Zelenskyy pleads for more US help in speech to Congress
Ukrainian President Volodymyr Zelenskyy summoned the memory of Pearl Harbor and the Sept. 11 terror attacks Wednesday in an impassioned video plea to Congress to send more help for Ukraine’s fight against Russia. Lawmakers stood and cheered, and President Joe Biden later announced the U.S. is sending more anti-aircraft and anti-armor weapons and drones.
Biden also declared Russian President Vladimir Putin is a war criminal, the day after the Senate unanimously asked an international investigation of Putin for war crimes in Ukraine.
In a moment of high drama at the Capitol, Zelenskyy livestreamed his speech to a rapt audience of lawmakers on a giant screen, acknowledging from the start that the no-fly zone he has repeatedly sought to “close the sky” to airstrikes on his country may not happen. Biden has resisted that, as well as approval for the U.S. or NATO to send MiG fighter jets from Poland as risking wider war with nuclear-armed Putin.
Instead, Zelenskyy pleaded for other military aid and more drastic economic sanctions to stop the Russian assault with the fate of his country at stake.
Wearing his now trademark army green T-shirt, Zelinskyy began the remarks to “Americans, friends” by invoking the destruction the U.S. suffered in 1941 when Japan bombed the naval base at Pearl Harbor in Hawaii, and the 2001 attacks on the World Trade Center and the Pentagon by militants who commandeered passenger airplanes to crash into the symbols of Western democracy and economy.
“Remember Pearl Harbor? ... Remember September 11?” Zelenzkyy asked. “Our countries experience the same every day right now.”
Biden, who said he listened to Zelenskyy’s speech at the White House, did not directly respond the the criticism that the U.S. should be doing more for the Ukrainians. But he said, “We are united in our abhorrence of Putin’s depraved onslaught, and we’re going to continue to have their backs as they fight for their freedom, their democracy, their very survival.”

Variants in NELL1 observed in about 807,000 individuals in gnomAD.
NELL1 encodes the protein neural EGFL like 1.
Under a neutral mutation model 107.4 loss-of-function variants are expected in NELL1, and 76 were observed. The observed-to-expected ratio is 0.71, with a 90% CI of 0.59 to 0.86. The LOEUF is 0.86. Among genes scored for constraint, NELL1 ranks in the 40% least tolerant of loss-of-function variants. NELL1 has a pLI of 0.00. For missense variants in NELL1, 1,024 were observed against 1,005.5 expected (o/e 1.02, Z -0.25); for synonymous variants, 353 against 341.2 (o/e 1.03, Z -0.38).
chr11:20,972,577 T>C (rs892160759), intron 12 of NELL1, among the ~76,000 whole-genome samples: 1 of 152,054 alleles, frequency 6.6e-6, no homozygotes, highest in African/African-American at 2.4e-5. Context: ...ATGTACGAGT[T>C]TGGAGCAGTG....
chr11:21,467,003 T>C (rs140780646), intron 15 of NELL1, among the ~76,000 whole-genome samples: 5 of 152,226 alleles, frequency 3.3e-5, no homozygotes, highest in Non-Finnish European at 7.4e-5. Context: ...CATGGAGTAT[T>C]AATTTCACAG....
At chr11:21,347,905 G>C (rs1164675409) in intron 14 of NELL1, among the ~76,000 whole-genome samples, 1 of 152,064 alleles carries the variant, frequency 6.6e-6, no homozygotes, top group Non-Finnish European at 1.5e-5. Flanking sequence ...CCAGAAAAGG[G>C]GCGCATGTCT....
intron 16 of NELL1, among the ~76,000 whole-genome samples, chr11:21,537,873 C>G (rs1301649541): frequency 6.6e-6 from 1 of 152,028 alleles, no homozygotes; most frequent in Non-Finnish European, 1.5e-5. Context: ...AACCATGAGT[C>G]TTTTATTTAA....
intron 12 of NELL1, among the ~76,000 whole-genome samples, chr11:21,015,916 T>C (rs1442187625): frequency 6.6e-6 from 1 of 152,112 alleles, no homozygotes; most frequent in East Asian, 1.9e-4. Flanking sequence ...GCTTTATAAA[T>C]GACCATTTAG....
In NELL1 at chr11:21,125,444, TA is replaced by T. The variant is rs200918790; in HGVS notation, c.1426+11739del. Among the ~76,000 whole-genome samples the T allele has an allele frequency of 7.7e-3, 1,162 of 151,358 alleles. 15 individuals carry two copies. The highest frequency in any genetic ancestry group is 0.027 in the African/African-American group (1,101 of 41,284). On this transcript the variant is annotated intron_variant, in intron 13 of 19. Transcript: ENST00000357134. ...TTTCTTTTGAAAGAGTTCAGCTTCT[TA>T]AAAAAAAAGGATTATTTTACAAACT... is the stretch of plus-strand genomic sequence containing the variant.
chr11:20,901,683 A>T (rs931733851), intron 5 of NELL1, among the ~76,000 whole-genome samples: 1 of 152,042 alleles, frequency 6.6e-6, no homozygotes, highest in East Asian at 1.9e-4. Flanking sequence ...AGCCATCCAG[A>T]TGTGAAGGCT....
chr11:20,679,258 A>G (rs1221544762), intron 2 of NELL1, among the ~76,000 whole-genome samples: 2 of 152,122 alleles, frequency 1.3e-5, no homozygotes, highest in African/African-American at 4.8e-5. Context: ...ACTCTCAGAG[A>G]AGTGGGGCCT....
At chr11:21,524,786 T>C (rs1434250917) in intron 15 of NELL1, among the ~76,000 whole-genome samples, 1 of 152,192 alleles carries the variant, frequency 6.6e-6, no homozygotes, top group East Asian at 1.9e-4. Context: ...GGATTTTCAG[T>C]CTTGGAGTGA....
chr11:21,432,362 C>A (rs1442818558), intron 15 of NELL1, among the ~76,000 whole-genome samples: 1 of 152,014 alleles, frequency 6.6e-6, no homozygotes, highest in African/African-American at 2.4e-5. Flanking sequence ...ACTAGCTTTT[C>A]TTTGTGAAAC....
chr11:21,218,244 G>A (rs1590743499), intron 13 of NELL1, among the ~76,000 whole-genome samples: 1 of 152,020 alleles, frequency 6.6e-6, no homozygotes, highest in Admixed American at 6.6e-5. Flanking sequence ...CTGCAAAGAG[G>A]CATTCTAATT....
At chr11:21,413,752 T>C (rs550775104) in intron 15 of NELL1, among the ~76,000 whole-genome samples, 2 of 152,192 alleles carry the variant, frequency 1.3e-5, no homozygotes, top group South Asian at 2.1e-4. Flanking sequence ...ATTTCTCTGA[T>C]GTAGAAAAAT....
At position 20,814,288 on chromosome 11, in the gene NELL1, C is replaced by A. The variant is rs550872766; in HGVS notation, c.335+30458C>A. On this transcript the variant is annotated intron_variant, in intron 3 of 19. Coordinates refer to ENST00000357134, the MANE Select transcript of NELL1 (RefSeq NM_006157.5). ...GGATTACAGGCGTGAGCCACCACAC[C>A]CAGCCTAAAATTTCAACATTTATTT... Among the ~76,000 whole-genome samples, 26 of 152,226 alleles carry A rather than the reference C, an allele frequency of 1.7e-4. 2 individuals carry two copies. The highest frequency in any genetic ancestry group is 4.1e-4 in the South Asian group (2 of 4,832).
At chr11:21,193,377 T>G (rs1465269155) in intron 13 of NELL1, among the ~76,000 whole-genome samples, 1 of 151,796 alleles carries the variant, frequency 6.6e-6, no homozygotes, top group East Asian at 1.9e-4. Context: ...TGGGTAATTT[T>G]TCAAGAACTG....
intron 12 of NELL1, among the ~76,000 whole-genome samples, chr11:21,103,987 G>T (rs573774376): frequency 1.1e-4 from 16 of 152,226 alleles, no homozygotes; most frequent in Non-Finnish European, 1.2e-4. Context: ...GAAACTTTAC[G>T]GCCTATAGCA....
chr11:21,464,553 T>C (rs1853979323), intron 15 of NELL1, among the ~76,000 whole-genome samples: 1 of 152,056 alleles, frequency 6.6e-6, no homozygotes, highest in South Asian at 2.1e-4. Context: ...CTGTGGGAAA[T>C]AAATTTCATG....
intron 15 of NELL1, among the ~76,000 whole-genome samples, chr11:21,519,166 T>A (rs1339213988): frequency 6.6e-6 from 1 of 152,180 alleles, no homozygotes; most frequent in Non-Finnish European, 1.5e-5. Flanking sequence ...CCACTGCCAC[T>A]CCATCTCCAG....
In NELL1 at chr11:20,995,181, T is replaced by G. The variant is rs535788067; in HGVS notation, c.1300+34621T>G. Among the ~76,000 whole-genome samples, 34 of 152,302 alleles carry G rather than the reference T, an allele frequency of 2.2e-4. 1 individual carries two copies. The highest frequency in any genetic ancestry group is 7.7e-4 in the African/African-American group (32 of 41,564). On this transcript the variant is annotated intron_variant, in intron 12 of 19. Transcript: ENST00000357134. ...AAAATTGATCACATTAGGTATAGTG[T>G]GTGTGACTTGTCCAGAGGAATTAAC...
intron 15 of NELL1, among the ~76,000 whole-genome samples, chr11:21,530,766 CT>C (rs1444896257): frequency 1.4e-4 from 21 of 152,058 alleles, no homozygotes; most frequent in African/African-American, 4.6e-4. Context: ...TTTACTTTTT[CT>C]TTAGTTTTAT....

Later, leaving an unrelated event, he declared of Putin: “He’s a war criminal.” — the sharpest condemnation yet of Putin and Russian actions by a U.S. official since the invasion of Ukraine.
While other world leaders have used the words, the White House had been hesitant, saying it was a legal term that required research.
Biden noted that Russia had bombed hospitals and held doctors hostage.
At the White Hose, Biden described new help he was already prepared to announce before Zelenskyy’s speech. He said the U.S. will be sending an additional $800 million in military assistance, making a total of $2 billion in such aid ince he took office more than a year ago. About $1 billion in aid has been sent in the past week. Biden said the new assistance includes 800 Stinger anti-aircraft systems, 100 grenade launchers, 20 million rounds of small arms ammunition and grenade launchers and mortar rounds and an unspecified number of drones.
“We’re going to give Ukraine the arms to fight and defend themselves through all the difficult days ahead,” Biden said.
Zelenskyy, in his Capitol livestream from Kyiv, showed the packed auditorium of lawmakers a graphic video of the destruction and devastation his country has suffered in the war, along with heartbreaking scenes of civilian casualties.
“We need you right now,” Zelenskyy said. “I call on you to do more.”